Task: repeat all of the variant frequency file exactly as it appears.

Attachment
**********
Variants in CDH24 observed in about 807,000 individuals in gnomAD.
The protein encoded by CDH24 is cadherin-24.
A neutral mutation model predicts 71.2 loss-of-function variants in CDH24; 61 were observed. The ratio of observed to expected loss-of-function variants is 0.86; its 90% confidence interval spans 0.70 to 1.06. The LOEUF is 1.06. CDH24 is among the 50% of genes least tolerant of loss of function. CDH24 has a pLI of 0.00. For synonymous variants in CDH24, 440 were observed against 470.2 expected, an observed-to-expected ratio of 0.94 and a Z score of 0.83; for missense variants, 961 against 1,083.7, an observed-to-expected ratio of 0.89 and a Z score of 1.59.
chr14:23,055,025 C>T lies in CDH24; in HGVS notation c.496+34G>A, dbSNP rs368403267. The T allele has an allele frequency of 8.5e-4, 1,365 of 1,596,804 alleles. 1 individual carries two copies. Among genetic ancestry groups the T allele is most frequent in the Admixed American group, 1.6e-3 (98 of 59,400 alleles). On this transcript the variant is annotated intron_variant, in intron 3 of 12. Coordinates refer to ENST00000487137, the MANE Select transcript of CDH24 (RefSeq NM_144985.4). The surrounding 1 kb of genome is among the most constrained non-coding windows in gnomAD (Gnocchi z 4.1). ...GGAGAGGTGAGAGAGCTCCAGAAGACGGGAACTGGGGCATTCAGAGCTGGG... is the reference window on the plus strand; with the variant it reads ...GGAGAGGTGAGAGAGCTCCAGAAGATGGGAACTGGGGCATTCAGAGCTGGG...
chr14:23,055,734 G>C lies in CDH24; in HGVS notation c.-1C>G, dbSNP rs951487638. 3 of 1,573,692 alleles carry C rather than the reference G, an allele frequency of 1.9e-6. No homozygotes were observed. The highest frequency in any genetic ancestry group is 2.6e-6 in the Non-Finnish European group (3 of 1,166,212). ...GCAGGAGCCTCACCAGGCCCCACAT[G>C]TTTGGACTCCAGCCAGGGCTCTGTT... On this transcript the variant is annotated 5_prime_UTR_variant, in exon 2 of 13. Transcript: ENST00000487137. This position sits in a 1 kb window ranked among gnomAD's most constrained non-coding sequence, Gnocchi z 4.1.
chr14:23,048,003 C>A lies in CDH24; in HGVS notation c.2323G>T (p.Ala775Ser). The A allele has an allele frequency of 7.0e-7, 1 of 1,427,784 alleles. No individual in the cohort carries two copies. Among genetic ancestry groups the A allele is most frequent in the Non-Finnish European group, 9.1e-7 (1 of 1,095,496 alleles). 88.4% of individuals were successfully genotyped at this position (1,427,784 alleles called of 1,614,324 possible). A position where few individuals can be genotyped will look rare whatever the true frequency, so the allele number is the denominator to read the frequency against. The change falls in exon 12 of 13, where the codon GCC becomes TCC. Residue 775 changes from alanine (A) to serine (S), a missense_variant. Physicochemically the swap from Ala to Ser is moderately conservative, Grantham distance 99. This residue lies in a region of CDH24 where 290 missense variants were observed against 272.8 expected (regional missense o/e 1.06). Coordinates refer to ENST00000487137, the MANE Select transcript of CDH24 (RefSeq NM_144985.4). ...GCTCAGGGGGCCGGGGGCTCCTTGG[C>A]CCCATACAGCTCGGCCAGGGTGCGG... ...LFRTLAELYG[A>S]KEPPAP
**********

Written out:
Variants in CDH24 observed in about 807,000 individuals in gnomAD.
The protein encoded by CDH24 is cadherin-24.
A neutral mutation model predicts 71.2 loss-of-function variants in CDH24; 61 were observed. The ratio of observed to expected loss-of-function variants is 0.86; its 90% confidence interval spans 0.70 to 1.06. The LOEUF is 1.06. CDH24 is among the 50% of genes least tolerant of loss of function. CDH24 has a pLI of 0.00. For synonymous variants in CDH24, 440 were observed against 470.2 expected, an observed-to-expected ratio of 0.94 and a Z score of 0.83; for missense variants, 961 against 1,083.7, an observed-to-expected ratio of 0.89 and a Z score of 1.59.
chr14:23,055,025 C>T lies in CDH24; in HGVS notation c.496+34G>A, dbSNP rs368403267. The T allele has an allele frequency of 8.5e-4, 1,365 of 1,596,804 alleles. 1 individual carries two copies. Among genetic ancestry groups the T allele is most frequent in the Admixed American group, 1.6e-3 (98 of 59,400 alleles). On this transcript the variant is annotated intron_variant, in intron 3 of 12. Coordinates refer to ENST00000487137, the MANE Select transcript of CDH24 (RefSeq NM_144985.4). The surrounding 1 kb of genome is among the most constrained non-coding windows in gnomAD (Gnocchi z 4.1). ...GGAGAGGTGAGAGAGCTCCAGAAGACGGGAACTGGGGCATTCAGAGCTGGG... is the reference window on the plus strand; with the variant it reads ...GGAGAGGTGAGAGAGCTCCAGAAGATGGGAACTGGGGCATTCAGAGCTGGG...
chr14:23,055,734 G>C lies in CDH24; in HGVS notation c.-1C>G, dbSNP rs951487638. 3 of 1,573,692 alleles carry C rather than the reference G, an allele frequency of 1.9e-6. No homozygotes were observed. The highest frequency in any genetic ancestry group is 2.6e-6 in the Non-Finnish European group (3 of 1,166,212). ...GCAGGAGCCTCACCAGGCCCCACAT[G>C]TTTGGACTCCAGCCAGGGCTCTGTT... On this transcript the variant is annotated 5_prime_UTR_variant, in exon 2 of 13. Transcript: ENST00000487137. This position sits in a 1 kb window ranked among gnomAD's most constrained non-coding sequence, Gnocchi z 4.1.
chr14:23,048,003 C>A lies in CDH24; in HGVS notation c.2323G>T (p.Ala775Ser). The A allele has an allele frequency of 7.0e-7, 1 of 1,427,784 alleles. No individual in the cohort carries two copies. Among genetic ancestry groups the A allele is most frequent in the Non-Finnish European group, 9.1e-7 (1 of 1,095,496 alleles). 88.4% of individuals were successfully genotyped at this position (1,427,784 alleles called of 1,614,324 possible). A position where few individuals can be genotyped will look rare whatever the true frequency, so the allele number is the denominator to read the frequency against. The change falls in exon 12 of 13, where the codon GCC becomes TCC. Residue 775 changes from alanine (A) to serine (S), a missense_variant. Physicochemically the swap from Ala to Ser is moderately conservative, Grantham distance 99. This residue lies in a region of CDH24 where 290 missense variants were observed against 272.8 expected (regional missense o/e 1.06). Coordinates refer to ENST00000487137, the MANE Select transcript of CDH24 (RefSeq NM_144985.4). ...GCTCAGGGGGCCGGGGGCTCCTTGG[C>A]CCCATACAGCTCGGCCAGGGTGCGG... ...LFRTLAELYG[A>S]KEPPAP